In another example, we see Team Liquid’s decision to pull through with a skirmish in bot, 10 minutes into the last game of the series.

Liquid had just expended Pobelter’s Flash and Emperor’s Divide to make a play a minute prior. Although the play was successful, Team Liquid were behind 1.5k gold, Cody Sun had a Pickaxe over Doublelift, and Kim "Ssumday" Chan-ho was 3/1/1 with 80 CS compared to Impact’s 1/3/1 with 40 CS. One look at the fight about to happen and you’d think 100 Thieves are surely going to come out ahead of the trade. However, thanks to Team Liquid’s decisive call to instantly take out Ryu "Ryu" Sang-wook’s Ryze alongside Impact arriving ahead of Ssumday, Team Liquid were able to come out unscathed and started turning the momentum in their favor.

From C9 to TL: Impact, still the impenetrable shield  

One of 100 Thieves’ core strategy points was putting Team Liquid’s Impact behind in the early game. In all their matches, Impact suffered significant deficits in experience, gold, and farm, giving up first blood and first tower takedown through Meteos’ and Ssumday’s constant pressure.

In the first game of the series, 100 Thieves even went as far as cleverly rotating their bot lane to top in order to simultaneously avoid the unfavorable match-up versus Caitlyn and Braum while collapsing on the lone Impact.

However, Team Liquid expected 100 Thieves to play around the top side and therefore drafted self-sufficient tanks for Impact to play. With Impact on durable champions, Team Liquid could still count on him to be a reliable engager and frontliner (even when behind) thanks to the innate utility present in Sion’s, Maokai’s, and even Singed’s kits.

Furthermore, thanks to Impact absorbing the pressure, Liquid’s carries Doublelift and Pobelter were able to scale up and reach a point where they could stay in the safety of their backline and take over the game. Whenever Impact had pressure up top, the rest of Team Liquid were sure to be making excellent use of the space given to them by creating plays on the opposing side of the map, putting down vision to set up their plays later on, or taking neutral objectives.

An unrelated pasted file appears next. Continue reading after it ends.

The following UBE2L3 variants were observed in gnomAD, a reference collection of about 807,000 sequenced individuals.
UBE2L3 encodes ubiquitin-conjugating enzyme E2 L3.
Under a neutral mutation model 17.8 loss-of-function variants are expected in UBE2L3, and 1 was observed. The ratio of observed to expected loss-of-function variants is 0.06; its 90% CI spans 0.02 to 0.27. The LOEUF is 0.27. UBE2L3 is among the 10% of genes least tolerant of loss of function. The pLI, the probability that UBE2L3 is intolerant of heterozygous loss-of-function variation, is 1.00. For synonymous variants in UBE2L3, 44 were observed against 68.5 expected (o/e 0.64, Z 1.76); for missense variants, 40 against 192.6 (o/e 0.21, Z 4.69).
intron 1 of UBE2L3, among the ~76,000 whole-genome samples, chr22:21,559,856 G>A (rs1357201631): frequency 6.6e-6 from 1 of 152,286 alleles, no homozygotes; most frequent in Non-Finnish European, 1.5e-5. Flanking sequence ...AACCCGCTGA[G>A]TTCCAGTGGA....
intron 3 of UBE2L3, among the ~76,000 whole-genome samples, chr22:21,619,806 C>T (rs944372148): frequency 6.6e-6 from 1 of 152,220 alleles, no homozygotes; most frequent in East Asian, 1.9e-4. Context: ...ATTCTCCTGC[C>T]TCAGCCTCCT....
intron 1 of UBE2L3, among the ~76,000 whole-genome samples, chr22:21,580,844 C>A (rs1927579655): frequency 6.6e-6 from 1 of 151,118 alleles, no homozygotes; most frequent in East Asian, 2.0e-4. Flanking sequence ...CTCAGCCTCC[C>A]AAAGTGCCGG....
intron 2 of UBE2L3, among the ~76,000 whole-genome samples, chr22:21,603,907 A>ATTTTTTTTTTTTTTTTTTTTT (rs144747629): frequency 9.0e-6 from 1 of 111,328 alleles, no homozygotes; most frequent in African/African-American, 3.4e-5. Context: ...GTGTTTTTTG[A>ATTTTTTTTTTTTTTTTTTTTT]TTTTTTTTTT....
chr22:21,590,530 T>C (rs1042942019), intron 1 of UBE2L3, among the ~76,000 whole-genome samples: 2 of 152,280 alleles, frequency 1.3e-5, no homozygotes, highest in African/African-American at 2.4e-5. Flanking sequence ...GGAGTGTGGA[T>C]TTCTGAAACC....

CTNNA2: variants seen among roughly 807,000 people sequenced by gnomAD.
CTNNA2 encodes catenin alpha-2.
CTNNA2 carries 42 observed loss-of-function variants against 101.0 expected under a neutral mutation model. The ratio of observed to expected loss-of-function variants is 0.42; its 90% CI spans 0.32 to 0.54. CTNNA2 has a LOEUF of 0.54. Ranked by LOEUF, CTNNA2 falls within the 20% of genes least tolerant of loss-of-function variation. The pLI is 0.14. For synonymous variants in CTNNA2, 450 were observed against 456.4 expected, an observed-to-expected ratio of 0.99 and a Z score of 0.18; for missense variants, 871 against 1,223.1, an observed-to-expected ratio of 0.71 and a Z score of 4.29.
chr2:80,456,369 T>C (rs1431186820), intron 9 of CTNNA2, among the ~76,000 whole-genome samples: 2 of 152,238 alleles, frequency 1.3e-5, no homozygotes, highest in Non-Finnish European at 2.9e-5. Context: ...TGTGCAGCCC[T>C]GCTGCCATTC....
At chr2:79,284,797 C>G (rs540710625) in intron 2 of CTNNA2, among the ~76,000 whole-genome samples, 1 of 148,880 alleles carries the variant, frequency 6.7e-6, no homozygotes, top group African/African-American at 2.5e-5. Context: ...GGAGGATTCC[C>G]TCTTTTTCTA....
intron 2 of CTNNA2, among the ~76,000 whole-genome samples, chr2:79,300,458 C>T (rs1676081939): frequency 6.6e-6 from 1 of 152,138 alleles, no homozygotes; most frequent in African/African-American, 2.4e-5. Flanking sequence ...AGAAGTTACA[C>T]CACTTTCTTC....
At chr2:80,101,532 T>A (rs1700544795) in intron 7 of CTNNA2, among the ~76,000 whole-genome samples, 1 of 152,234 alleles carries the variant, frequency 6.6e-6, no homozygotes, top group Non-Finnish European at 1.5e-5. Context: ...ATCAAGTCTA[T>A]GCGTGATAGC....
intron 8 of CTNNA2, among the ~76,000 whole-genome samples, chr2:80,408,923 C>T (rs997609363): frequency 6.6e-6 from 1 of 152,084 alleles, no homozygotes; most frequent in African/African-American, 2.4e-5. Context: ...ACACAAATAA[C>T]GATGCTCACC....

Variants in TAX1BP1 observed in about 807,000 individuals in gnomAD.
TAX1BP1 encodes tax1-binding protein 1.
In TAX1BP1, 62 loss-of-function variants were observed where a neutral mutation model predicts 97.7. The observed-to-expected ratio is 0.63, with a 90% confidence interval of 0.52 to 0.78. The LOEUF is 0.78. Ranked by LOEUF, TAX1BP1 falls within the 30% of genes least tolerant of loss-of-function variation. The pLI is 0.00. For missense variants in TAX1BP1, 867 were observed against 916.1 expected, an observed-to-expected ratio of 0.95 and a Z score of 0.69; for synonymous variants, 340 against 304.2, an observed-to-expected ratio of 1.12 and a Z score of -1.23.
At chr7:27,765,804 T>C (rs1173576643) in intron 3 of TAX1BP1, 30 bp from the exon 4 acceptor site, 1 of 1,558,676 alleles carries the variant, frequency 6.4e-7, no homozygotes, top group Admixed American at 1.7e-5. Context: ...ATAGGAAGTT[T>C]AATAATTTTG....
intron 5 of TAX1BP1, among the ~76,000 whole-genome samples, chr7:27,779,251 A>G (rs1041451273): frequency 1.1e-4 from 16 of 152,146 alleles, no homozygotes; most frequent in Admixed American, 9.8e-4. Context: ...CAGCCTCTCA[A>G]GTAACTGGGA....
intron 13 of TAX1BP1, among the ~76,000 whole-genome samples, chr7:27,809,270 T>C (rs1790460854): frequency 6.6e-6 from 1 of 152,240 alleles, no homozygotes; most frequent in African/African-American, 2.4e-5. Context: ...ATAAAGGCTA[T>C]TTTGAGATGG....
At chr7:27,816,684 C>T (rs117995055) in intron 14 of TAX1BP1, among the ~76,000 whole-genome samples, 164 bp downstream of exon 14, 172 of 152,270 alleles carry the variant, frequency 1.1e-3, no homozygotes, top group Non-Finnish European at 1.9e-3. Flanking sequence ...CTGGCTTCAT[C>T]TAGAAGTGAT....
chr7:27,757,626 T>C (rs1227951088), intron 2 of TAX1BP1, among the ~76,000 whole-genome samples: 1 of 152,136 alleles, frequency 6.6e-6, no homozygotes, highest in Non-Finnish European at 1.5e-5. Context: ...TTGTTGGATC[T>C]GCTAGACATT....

Unrelenting aggression: play after play, after play

Whenever Team Liquid secured their leads, they never let go. Whenever they gained a lead over a thousand gold, Liquid ran with it and drove it home.

100T, blue, vs. TL, red in game 1. Data by: Riot Games
100T, blue, vs. TL, red in game 1. Data by: Riot Games
TL, blue, vs. 100T, red in game 2. Data by: Riot Games
TL, blue, vs. 100T, red in game 2. Data by: Riot Games
100Т, blue, vs. TL, red, in game 3. Data by: Riot Games
100Т, blue, vs. TL, red, in game 3. Data by: Riot Games

Throughout the entire series, Team Liquid would just need to secure Baron once to help close out all matches under 30 minutes — a testament to their decisiveness and ability to consistently close out games when ahead. In fact, Team Liquid’s objective control was so exceedingly pervasive that they even managed to secure all neutral objectives (11 Dragons and three Barons) in all three games.

Heading into MSI

To round it all off, Team Liquid show an unprecedented level of promise as an adaptable squad with a breadth of strategies under their belt. With Team Liquid’s members hungry to prove themselves on the International stage, expect that the seasoned veterans will be a force to be reckoned with come MSI.

Although they have yet to go up against the rest of the world, Liquid’s invaluable mindset to constantly look forward and seek opportunities to get ahead reminds me of 2016’s SKT Telecom T1 — and we all know who hoisted the Summoner’s Cup that year.